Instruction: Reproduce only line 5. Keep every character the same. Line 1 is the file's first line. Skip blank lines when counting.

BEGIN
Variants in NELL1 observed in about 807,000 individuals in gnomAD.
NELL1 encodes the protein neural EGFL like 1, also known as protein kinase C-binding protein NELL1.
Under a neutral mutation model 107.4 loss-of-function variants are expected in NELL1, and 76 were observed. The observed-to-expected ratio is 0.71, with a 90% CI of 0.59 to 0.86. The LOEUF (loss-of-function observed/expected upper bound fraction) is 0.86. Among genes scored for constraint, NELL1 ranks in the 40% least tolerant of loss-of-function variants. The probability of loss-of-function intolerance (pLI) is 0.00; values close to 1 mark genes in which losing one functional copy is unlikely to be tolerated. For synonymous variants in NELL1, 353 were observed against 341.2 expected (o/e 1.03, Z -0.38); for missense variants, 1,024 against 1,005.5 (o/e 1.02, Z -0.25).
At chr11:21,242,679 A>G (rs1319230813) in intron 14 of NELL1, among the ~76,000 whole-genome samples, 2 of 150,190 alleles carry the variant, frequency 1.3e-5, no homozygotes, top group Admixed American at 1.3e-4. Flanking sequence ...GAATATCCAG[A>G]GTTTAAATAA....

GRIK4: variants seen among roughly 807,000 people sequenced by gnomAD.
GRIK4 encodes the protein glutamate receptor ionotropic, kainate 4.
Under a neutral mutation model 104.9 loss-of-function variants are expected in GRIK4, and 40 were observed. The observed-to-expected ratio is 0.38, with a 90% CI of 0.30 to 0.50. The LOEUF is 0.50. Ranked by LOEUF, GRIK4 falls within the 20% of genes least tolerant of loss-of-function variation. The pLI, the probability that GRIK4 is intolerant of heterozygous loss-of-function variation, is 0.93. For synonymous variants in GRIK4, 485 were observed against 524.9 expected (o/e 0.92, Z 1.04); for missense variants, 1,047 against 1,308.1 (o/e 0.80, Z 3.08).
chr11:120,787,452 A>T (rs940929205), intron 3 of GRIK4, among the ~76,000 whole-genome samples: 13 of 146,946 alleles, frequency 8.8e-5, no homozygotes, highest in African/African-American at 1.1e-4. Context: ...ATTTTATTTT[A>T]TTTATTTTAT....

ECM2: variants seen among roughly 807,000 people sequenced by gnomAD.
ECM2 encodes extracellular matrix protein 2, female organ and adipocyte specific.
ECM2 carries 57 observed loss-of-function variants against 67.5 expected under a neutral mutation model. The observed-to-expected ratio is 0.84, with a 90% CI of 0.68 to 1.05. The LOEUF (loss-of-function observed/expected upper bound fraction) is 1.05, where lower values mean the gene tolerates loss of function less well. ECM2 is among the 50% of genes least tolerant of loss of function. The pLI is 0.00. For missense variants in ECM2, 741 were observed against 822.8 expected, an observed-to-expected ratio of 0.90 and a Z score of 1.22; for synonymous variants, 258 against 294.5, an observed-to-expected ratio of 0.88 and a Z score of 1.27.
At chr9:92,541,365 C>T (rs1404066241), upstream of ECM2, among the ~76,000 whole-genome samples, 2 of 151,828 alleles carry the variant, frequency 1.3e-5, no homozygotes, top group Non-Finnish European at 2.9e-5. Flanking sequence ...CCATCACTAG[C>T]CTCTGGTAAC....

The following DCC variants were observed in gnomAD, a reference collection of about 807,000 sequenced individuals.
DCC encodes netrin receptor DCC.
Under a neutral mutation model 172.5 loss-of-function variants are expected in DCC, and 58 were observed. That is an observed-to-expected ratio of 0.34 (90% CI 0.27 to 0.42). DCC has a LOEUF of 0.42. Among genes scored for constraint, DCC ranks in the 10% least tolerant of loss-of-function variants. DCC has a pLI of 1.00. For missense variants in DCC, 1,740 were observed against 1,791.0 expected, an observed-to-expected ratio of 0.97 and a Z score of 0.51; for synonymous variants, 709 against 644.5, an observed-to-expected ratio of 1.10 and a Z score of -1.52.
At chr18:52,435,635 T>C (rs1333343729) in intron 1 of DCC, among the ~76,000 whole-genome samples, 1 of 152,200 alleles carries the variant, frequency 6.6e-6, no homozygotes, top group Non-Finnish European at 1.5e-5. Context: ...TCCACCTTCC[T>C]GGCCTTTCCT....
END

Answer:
GRIK4: variants seen among roughly 807,000 people sequenced by gnomAD.